iTunes Remote Control

bragg.jpg Update, April 2016: Since iTunes 12 and Apple Music, I now store my entire collection in the cloud and am able to access/control it from anywhere, easily, and to redirect the output to any AirPlay device. So the notes below are no longer relevant.

Scenario: Music collection on an iMac in the office on one end of the house, pumping music over Airport Express to stereo in the living room on the other. Need to be able to remotely navigate collection and control playback from a laptop in the living room.

Seemingly perfect solution: iTunes Remote app for iPhone, connecting to the office Mac via wi-fi. Close, but not quite. At first, iTunes Remote app seems like the perfect remote control, complete with album covers. But a real remote you can pick up and operate on a moment’s notice, no strings attached. The iTunes Remote app, on the other hand, takes around 10 seconds to re-connect to the remote library every time you want to use it. You wouldn’t accept that kind of delay from any other remote control, so iTunes Remote gets annoying fast.

Alternative 1: Enable iTunes Sharing on the office Mac, then launch a copy of iTunes on the living room laptop and access the shared library. Configure iTunes to send music from the laptop directly to the AEX. Problem solved? Not quite. I rely heavily on the ability to rate tracks as they roll through. 1 or 2 stars for the tracks I can live without, then periodically cull duds from the collection based on ratings. Tracks with 4 or 5 stars form the basis for my best playlists. Unfortunately, when connecting to a remote library in this way, you have read-only access, and no way to rate tracks on the remote box. Bzzzzzt, deal-breaker.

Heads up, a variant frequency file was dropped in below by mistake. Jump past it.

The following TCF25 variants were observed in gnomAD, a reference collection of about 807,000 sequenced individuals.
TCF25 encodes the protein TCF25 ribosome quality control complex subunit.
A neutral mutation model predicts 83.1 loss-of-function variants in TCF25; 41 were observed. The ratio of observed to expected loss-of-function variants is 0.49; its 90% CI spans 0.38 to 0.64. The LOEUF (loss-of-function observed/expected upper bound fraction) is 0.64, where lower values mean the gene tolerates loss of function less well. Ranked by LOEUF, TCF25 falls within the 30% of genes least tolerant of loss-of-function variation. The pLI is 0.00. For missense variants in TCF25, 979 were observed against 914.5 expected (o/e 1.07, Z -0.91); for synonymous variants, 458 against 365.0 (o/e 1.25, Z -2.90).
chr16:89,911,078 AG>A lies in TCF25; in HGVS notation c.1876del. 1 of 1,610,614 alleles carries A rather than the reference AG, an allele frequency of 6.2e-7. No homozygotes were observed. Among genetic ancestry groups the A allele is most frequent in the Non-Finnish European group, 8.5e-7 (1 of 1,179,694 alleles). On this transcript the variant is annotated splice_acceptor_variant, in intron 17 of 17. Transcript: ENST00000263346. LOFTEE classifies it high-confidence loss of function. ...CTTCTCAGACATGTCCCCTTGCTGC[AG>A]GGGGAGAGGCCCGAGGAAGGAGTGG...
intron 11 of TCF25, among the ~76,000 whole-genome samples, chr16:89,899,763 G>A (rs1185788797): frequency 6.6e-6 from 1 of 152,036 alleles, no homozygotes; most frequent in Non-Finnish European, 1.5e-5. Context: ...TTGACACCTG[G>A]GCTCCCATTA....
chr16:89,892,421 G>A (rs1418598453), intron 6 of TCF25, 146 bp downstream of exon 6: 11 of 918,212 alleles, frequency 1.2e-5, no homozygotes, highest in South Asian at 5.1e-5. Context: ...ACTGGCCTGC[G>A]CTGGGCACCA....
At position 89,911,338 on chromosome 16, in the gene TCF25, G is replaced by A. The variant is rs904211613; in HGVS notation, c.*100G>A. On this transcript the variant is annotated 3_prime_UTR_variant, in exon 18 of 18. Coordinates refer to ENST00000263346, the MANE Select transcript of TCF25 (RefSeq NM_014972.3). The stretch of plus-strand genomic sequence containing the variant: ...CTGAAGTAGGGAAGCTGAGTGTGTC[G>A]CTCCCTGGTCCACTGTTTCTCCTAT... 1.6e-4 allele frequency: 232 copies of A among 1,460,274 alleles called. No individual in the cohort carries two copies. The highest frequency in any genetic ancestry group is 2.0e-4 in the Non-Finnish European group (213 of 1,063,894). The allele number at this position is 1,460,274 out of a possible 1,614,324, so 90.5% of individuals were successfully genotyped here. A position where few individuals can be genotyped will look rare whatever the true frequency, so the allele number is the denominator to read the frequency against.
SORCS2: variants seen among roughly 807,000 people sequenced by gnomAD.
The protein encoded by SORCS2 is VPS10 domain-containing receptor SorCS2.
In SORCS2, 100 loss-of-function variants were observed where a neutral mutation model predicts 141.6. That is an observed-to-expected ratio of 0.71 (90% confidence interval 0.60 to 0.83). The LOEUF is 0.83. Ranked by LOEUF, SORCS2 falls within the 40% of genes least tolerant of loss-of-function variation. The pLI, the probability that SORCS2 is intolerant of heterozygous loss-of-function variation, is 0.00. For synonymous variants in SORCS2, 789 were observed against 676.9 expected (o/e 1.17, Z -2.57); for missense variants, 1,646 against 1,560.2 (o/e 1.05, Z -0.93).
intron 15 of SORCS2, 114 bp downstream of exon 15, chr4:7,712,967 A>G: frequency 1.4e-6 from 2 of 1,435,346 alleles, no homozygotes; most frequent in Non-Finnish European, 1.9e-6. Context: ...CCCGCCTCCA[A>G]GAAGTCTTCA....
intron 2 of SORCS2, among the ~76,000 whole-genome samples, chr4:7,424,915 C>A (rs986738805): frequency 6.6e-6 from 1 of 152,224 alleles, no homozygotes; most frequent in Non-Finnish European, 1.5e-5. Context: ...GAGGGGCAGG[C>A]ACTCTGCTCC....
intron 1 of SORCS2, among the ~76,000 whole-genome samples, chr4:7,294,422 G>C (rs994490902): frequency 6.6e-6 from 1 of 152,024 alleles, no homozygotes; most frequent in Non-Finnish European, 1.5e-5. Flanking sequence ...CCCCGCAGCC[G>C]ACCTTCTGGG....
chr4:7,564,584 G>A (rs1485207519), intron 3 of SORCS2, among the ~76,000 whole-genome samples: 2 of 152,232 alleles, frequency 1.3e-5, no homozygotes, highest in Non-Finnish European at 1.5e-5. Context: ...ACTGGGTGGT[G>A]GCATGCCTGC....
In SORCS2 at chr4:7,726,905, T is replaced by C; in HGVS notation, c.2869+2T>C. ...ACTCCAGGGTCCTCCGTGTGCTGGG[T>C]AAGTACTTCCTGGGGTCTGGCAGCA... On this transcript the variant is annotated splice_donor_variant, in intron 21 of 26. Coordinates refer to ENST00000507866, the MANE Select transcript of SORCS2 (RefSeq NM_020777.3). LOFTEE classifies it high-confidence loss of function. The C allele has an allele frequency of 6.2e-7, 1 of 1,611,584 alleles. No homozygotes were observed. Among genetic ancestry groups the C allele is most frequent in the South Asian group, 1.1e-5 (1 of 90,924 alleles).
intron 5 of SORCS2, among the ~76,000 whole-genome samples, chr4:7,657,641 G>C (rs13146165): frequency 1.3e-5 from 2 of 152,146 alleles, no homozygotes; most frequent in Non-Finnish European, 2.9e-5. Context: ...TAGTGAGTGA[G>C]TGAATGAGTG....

Remote_iTunes_Logo_1.jpg Alternative 2: Third-party software. There are a few shareware packages available in this niche, but the only one I found that worked reliably was Jonathan Beebe’s open source Remote iTunes. The interface is a stripped down clone of iTunes itself, but its remoting ability includes something iTunes does not – the ability to authenticate as an admin user. Enter the IP of the office Mac, a username and pass, and give it a few seconds to pull across the music library index. Once connected, it stays connected, and you get the ability to rate tunes on the remote system. It’s not perfect, but close enough for jazz.

I’d love for iTunes itself to grow this ability so I’d have access to all iTunes features. Alternatively, I’d kill (not literally) for a desktop version of the iPhone Remote app. But Remote iTunes gets the job done with less pain than anything else I’ve tried.

20 Replies to “iTunes Remote Control”

  1. Seriously though, that remote works well, even though it doesn’t provide all the functionality you are looking for… It eliminates the 10 second startup pain of the iPhone app.

  2. Hey Sean – That Keyspan remote wouldn’t allow rating, right? That’s the missing feature that prevents me from just using another copy of iTunes for control to begin with, so gotta keep the eyes on the prize. Nice option otherwise though. Screen sharing, hmm, I hadn’t actually thought of that. A bit heavy handed an approach, but would get the job done!